This month, we published Marianne Boruch's new memoir The Glimpse Traveler. In this book, she recounts a cross-country hitchhiking trip that begins on a whim and quickly becomes a mission to unravel a tragic mystery. I caught up with Marianne to discuss her book before she left for the Bread Loaf Writers Conference in Vermont.
This book is based on events that happened to you in 1971. Why did you feel it was important to write about this time in your life? Is there a reason why you waited 37 years before telling this story?
Well, as I say in the book's last chapter, it’s only now that I found the writerly nerve to attempt it at all, the patience—and the distance finally—to see it unfold again. I was 20, still officially immortal and thus immune—as I also say in that chapter—when I experienced this road trip, but I think probably the one perk of getting older is a wider ability to mull things over, and to sense, on a very physical level, the historical context of things. So it made sense to wait, I tell myself in hindsight. The truth is, after years of writing both poems and essays about poetry, I guess I just finally felt able to put this down on paper though even when it was happening, I recall thinking: remember this, you'll need to tell this, someday. The very shape of the trip was so profoundly story-like; that quality struck me from the start.
In the acknowledgments, you refer to yourself as “a poet thrashing about in the brave new waters of narrative prose.” How did this writing experience differ from writing poetry, and what did you like or dislike about the process of writing prose?
I've been going around telling people that writing this "me-woir" was free beer—exclamation point! ("Me-woir"—as Jane Hamilton wryly and no doubt rightly calls this genre though she assures me others have too.) What I mean is: it was a genuine release, great fun, and yet utterly poignant for me to do this mad thing. There really wasn't anything I disliked about the process, but certain aspects seemed largely new and exciting to me: the whole business about character, and its development, or how to deal with time passing, and dialogue, of course. I did find myself keeping to very small chapters, surely a poet-like thing to do.
Character, movement over time, etc.—this must be old news to fiction writers, but my writerly devotions all these years have been to the lyric impulse and its peculiar kind of deepening where pretty much you stay in one place and digress, wander about, and sometimes come back, a movement that makes its own individual logic. My essays on poetry work in a similar way. In The Glimpse Traveler though, I had to attend to story. After all, something happened in the world. It had a clear beginning and middle and end. I was observing, mulling over, but I also had the responsibility to record.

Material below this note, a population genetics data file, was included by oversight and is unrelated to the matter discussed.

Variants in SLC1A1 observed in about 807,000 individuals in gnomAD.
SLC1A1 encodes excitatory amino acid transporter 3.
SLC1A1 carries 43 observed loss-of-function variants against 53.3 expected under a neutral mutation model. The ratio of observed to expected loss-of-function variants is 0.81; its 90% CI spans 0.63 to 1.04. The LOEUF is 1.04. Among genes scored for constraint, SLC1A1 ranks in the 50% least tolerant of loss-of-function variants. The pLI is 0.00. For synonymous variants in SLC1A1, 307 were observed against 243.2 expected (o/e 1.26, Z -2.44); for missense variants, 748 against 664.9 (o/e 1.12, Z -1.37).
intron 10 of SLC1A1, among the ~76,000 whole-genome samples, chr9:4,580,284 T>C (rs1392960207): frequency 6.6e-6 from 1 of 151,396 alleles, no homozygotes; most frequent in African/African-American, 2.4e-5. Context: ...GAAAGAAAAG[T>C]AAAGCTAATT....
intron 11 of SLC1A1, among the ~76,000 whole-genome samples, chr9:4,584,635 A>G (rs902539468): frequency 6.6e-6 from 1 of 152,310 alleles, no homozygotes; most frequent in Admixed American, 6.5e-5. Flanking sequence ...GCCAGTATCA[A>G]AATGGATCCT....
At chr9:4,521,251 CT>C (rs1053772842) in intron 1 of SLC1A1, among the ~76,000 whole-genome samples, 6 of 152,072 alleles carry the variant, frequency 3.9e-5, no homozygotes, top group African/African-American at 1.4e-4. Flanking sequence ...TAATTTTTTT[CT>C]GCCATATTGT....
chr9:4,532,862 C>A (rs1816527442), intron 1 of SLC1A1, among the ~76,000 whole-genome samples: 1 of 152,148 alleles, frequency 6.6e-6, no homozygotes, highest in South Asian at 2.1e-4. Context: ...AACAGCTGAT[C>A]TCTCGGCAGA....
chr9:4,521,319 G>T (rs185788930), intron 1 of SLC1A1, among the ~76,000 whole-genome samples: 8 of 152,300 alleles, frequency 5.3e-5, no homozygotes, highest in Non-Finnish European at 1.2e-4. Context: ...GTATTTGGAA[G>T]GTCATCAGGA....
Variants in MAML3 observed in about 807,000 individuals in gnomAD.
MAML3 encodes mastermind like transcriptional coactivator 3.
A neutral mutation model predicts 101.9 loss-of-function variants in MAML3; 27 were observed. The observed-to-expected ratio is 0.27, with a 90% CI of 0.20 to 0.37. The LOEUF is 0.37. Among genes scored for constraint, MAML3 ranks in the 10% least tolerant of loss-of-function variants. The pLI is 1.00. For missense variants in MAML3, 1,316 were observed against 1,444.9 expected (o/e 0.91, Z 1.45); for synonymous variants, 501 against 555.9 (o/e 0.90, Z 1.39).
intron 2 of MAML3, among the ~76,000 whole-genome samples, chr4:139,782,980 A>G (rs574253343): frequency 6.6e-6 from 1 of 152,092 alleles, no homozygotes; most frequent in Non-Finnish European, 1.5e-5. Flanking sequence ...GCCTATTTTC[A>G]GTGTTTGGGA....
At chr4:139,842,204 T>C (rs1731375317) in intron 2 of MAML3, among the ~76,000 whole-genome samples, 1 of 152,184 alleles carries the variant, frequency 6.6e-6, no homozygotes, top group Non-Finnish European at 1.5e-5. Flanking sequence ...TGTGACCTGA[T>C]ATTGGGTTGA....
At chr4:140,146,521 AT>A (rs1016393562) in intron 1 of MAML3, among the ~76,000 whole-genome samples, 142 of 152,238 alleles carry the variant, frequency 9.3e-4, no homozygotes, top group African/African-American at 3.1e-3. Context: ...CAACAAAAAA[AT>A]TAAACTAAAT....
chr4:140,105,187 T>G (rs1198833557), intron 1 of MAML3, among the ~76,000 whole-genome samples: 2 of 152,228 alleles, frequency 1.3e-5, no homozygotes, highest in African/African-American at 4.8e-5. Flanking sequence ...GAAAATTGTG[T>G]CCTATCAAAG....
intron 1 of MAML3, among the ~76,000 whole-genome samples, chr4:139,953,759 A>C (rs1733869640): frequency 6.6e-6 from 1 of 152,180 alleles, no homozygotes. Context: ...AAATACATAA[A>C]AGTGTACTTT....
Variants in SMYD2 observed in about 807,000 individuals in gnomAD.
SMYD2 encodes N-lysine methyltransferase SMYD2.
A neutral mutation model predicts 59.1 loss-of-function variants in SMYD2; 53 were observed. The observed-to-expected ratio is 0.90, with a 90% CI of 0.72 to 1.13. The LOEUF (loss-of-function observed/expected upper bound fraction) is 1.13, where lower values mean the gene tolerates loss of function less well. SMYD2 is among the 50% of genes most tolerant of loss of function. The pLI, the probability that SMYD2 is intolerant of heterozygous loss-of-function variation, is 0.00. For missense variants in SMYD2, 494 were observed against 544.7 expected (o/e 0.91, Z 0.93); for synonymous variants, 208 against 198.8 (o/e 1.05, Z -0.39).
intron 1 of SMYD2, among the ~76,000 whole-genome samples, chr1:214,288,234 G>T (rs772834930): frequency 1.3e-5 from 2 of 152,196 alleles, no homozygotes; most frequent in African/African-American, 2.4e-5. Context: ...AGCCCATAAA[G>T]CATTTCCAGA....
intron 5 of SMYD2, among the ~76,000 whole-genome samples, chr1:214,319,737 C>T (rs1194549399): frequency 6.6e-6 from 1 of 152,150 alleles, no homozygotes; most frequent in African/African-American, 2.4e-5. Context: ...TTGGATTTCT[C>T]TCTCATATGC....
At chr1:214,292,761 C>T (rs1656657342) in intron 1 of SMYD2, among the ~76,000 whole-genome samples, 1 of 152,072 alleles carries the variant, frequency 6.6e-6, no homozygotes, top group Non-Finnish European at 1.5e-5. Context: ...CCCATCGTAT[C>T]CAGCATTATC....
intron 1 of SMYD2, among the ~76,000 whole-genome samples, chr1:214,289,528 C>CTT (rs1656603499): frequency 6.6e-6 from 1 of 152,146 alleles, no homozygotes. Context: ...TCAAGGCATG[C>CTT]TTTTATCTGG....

How did you come up with the title for your book?
It comes directly from the fragmentary italicized bit I put in as a kind of preface, which itself grew out of another memory, of another hitchhiking trip I took in those years, through the Pacific northwest. The passage is rendered in the dreamlike way it seemed to me at the time, and also in my recovery of the memory later, this guy playing an old record so damaged—with its static and scratches and the rain outside. But his passion, his leaning in with such reverence to hear that music: that was a glimpse—to be treasured, surely. Susan Sontag has written that memory works like this, in fragments, in bits, like stills in a movie. I end that brief epigraph-like section with a realization that triggered the whole book, I think: I was 20, traveling into glimpses. No matter what, he said, you have to hear it.
You write a great passage about hitchhiking back in the 60s and 70s. I’m fascinated by the image of people standing in lines along the side of the road waiting for their turn to be picked up. Why were you and so many other people inspired to take to the road back then?
I don't know. I certainly don't want to idealize the era. I suppose it was simply that we believed anything was possible, that, big deal, so you had no money. So what? Just go, somehow things would work out. It seems wildly delusional now, but it felt routine then, with the world seemingly falling apart—the war no one wanted, the student riots, a rush of new ideas so rampant and exciting. There was enormous hope. We weren't afraid though I wouldn't say we were fearless.
But it really did seem that everyone was on the road, off to explore something. This was before such euphoria was boxed in and brought down by such terrible and deadening terms as "empowerment." And drivers felt comfortable picking people up. Being young means being curious, doesn't it? Or it should mean that.